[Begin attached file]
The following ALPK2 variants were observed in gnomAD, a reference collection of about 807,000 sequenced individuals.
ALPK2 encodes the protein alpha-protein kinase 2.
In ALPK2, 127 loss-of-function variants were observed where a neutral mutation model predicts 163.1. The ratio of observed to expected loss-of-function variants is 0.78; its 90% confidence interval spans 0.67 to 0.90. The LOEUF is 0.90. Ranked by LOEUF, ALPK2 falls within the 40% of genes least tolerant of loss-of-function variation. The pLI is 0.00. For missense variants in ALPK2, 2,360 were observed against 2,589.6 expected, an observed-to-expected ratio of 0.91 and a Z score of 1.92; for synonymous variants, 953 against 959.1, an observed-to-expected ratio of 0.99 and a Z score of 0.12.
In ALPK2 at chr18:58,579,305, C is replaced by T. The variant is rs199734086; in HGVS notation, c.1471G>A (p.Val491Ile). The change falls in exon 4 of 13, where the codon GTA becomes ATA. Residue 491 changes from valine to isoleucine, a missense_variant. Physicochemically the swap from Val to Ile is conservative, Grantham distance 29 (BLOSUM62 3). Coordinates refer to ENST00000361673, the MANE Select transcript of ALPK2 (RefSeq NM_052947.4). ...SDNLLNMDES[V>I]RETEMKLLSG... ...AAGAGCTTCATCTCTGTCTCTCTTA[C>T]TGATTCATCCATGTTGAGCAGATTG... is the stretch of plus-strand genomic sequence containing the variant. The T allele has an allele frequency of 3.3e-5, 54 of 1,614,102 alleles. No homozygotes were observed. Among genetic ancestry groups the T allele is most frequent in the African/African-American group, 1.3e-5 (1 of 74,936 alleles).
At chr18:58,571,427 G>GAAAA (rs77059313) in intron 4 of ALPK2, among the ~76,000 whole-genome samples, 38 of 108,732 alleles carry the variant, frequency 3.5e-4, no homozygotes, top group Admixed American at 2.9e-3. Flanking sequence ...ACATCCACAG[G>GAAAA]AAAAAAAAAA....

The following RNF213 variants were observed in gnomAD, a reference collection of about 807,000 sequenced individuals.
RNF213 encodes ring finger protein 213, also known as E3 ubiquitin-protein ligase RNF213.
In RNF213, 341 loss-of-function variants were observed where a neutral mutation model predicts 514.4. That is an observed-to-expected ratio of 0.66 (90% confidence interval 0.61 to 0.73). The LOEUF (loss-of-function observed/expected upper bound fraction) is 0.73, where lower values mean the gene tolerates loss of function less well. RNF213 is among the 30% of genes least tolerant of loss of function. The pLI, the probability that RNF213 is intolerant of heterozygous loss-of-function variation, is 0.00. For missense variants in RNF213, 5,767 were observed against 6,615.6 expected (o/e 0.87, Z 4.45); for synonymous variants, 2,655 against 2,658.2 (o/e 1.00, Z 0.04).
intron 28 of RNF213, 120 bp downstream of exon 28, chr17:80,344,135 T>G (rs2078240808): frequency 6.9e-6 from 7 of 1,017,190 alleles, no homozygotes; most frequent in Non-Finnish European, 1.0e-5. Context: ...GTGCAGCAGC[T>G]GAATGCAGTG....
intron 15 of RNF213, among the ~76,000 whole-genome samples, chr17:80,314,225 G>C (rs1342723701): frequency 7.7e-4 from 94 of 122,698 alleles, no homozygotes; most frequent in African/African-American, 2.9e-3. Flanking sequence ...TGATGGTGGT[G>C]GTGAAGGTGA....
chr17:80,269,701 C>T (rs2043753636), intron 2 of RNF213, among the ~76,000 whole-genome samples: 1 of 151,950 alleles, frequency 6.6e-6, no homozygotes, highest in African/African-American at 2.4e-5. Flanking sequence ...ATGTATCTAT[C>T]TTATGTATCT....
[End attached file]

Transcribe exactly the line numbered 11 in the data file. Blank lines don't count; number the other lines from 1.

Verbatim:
chr17:80,269,701 C>T (rs2043753636), intron 2 of RNF213, among the ~76,000 whole-genome samples: 1 of 151,950 alleles, frequency 6.6e-6, no homozygotes, highest in African/African-American at 2.4e-5. Flanking sequence ...ATGTATCTAT[C>T]TTATGTATCT....